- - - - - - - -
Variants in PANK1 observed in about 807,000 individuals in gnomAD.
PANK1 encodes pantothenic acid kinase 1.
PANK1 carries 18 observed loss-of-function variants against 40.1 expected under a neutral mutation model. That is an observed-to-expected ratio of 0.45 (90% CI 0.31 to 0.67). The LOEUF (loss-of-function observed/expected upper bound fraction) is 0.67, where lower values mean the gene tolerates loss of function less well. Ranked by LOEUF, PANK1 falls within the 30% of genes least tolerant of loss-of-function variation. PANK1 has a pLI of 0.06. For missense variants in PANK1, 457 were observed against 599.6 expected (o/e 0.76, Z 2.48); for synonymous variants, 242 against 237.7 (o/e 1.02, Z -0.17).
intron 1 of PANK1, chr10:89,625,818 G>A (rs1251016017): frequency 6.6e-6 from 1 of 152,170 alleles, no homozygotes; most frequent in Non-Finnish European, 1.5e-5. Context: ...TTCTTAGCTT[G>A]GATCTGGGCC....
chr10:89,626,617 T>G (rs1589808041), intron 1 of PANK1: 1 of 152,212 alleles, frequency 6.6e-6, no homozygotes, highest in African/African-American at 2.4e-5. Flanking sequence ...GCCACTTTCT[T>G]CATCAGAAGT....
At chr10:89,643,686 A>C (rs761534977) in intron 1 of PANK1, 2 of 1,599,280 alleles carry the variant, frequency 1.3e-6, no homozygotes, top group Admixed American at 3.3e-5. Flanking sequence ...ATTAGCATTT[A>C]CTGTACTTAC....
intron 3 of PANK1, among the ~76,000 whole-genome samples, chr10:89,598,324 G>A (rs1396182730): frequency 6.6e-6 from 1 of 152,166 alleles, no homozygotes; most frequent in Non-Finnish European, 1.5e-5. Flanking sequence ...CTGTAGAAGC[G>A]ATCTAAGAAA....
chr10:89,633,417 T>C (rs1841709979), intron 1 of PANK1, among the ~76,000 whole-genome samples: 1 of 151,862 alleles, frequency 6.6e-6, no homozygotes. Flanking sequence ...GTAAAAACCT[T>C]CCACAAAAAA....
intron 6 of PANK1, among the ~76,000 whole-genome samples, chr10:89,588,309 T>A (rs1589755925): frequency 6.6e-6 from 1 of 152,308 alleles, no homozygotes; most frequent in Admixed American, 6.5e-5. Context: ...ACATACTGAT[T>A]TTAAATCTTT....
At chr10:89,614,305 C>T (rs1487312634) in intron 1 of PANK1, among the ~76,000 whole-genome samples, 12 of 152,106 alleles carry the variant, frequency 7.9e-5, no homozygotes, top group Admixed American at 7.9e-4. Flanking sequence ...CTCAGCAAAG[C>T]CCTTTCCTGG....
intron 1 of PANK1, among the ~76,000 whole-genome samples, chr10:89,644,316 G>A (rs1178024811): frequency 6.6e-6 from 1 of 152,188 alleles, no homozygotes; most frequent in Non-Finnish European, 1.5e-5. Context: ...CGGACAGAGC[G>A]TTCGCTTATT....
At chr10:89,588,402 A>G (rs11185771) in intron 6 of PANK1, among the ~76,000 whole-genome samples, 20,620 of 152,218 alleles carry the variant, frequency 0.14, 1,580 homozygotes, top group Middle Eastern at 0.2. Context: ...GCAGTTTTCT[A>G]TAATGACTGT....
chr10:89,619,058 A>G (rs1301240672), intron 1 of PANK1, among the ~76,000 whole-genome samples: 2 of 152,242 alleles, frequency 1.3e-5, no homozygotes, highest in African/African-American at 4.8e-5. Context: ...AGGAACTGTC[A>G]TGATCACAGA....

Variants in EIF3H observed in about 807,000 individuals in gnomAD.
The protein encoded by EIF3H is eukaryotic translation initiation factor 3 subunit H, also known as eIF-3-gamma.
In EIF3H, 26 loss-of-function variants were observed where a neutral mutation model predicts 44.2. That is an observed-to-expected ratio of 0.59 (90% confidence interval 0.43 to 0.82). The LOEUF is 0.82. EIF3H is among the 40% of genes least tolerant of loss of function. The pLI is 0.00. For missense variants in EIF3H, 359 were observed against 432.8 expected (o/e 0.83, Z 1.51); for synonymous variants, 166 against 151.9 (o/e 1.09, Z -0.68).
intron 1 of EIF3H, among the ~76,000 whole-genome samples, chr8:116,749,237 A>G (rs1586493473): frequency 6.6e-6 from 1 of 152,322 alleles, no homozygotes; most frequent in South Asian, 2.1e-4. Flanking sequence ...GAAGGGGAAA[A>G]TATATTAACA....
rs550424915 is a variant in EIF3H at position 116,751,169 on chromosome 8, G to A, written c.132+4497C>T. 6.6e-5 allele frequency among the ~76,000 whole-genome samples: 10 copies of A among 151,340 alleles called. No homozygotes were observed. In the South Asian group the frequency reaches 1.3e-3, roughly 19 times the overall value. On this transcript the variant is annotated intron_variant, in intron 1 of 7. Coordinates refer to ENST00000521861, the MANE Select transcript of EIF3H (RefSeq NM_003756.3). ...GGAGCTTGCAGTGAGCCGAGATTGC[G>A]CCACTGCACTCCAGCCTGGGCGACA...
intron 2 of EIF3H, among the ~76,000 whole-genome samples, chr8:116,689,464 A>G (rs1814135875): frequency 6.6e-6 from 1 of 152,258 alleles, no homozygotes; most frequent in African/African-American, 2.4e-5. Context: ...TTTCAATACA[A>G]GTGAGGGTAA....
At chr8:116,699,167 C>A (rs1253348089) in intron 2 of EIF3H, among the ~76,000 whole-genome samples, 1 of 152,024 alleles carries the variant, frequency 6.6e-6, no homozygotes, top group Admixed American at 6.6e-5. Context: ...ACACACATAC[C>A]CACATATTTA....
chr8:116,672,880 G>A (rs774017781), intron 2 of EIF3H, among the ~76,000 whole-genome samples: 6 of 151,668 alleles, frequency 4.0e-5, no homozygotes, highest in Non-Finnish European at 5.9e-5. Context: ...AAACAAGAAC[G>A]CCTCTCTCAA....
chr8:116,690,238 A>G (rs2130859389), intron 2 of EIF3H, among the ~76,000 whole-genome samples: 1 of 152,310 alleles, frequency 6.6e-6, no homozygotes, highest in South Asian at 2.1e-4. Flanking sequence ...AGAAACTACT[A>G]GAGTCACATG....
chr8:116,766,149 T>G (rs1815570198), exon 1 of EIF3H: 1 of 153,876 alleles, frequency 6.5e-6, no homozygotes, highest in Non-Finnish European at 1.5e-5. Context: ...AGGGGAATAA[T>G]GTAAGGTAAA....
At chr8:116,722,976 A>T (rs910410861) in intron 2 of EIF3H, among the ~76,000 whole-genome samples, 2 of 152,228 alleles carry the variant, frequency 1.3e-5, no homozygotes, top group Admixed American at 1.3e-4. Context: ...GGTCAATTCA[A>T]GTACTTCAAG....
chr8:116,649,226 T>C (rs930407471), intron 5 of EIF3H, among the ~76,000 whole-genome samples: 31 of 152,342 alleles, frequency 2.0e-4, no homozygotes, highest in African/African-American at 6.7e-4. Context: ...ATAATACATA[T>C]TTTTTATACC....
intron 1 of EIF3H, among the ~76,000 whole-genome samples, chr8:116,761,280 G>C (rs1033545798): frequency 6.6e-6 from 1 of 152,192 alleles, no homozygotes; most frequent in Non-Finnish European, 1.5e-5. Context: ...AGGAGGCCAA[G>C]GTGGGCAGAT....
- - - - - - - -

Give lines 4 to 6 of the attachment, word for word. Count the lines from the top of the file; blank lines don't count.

intron 1 of PANK1, chr10:89,625,818 G>A (rs1251016017): frequency 6.6e-6 from 1 of 152,170 alleles, no homozygotes; most frequent in Non-Finnish European, 1.5e-5. Context: ...TTCTTAGCTT[G>A]GATCTGGGCC....
chr10:89,626,617 T>G (rs1589808041), intron 1 of PANK1: 1 of 152,212 alleles, frequency 6.6e-6, no homozygotes, highest in African/African-American at 2.4e-5. Flanking sequence ...GCCACTTTCT[T>G]CATCAGAAGT....
At chr10:89,643,686 A>C (rs761534977) in intron 1 of PANK1, 2 of 1,599,280 alleles carry the variant, frequency 1.3e-6, no homozygotes, top group Admixed American at 3.3e-5. Flanking sequence ...ATTAGCATTT[A>C]CTGTACTTAC....